Army adds peer and near peer adversary reviews to new command selection system


Russian soldiers march through Moscow's Red Square, Monday, May 9, 2005, during a parade commemorating the 60th Anniversary of the end of World War II. White House photo by Eric Draper

FORT KNOX, Ky. – Army Human Resources Command (HRC) announced that Russian and Chinese army personnel specialists will review officer records in an “international delight” section of the new Battalion Commander Assessment Program (BCAP).

Begun in January 2020, BCAP is designed to improve battalion command selection through comprehensive officer evaluations with personal interviews, physical fitness assessments, a summer vacation essay, interpretive dance, and consultations with soothsayers, phrenologists, and the division haruspex.

HRC public affairs officer Maj. Dale Saunders described the new addition to the program.

“The U.S. needs to prepare to engage peer or near peer competitors, so a review by potential adversaries provides insight into how officers might perform in future conflicts,” Saunders said. “We can also borrow a lot of concepts from their great military leaders like Sun Tzu and Joseph Stalin.”

China embraced participating in BCAP. To reciprocate, the People’s Liberation Army is offering U.S. officers tours to South China Sea islands to consult on military construction, or to medical research facilities in the Wuhan Province. China will also provide program candidates free ancestry analysis, like the popular “23 and Me,” since China already has DNA records of all Army officers, which they obtained through totally legal means.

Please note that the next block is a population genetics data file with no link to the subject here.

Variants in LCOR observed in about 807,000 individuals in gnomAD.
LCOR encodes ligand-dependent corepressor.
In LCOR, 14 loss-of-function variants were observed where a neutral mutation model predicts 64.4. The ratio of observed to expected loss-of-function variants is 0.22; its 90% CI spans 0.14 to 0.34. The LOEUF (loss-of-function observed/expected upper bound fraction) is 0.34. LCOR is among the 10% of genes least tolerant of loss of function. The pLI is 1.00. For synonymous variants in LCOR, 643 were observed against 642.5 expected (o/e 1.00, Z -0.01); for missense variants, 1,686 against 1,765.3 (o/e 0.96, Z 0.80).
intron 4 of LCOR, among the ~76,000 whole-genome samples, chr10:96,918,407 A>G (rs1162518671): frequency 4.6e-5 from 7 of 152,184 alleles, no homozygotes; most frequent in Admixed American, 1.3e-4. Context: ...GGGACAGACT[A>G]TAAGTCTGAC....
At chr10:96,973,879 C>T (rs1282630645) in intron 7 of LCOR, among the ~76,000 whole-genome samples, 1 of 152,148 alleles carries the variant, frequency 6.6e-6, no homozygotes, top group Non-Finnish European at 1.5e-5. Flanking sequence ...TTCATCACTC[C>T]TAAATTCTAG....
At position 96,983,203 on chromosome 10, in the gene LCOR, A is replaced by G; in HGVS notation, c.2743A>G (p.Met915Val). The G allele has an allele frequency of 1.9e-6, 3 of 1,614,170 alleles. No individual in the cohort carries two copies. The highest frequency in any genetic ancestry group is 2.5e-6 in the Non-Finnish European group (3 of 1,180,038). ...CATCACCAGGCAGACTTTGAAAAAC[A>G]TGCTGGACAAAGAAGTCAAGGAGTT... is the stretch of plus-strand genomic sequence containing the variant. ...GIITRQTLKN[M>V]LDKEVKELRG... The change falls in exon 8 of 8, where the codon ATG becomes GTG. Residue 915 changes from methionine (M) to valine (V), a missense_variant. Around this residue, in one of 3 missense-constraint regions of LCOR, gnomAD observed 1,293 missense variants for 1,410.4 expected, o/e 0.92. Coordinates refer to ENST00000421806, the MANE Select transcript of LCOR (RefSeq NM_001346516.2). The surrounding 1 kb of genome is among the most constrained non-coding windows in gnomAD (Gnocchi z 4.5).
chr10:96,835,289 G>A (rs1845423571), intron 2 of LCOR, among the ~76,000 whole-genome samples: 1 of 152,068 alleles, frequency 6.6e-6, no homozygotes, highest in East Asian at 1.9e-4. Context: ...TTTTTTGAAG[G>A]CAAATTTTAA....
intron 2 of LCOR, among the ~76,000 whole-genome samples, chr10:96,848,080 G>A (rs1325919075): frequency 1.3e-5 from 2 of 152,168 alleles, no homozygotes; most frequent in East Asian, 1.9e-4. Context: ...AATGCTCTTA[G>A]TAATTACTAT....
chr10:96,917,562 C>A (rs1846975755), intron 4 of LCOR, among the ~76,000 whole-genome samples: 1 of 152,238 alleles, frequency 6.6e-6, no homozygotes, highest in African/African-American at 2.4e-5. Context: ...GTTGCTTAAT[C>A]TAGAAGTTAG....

Similarly, the Russian Army is offering the “Mike Flynn” exchange program to provide U.S. officers commenting positions on the Russian RT television network or planning roles in the annexation of neighboring regions. Russian experts are also eager to help any U.S. service member vote in local, state, and national elections.

Critics say the international reviews make command selection overly complex. Saunders responded, “Well, yeah. BCAP is tortuously convoluted as well as expensive. It’s perfectly consistent with the new Army talent management program.”

Potential command-selectee Lt. Col. Alicia Herrera also questioned the addition.

“What, we need input from a bunch of autocratic, vodka-soaked Russkies who promote favorites and squash independent thought?” she asked. “Nonsense. In my experience, our bourbon-soaked American senior commanders are already experts in those areas.”

Iran and North Korea, also potential near peer competitors, declined to participate. Both countries called BCAP more complicated than nuclear non-proliferation negotiations.


Bull Winkle

A former Army officer of many fields. Now a professional extinguisher of dumpster fires operating from a medium-sized cubicle, and proud of it.
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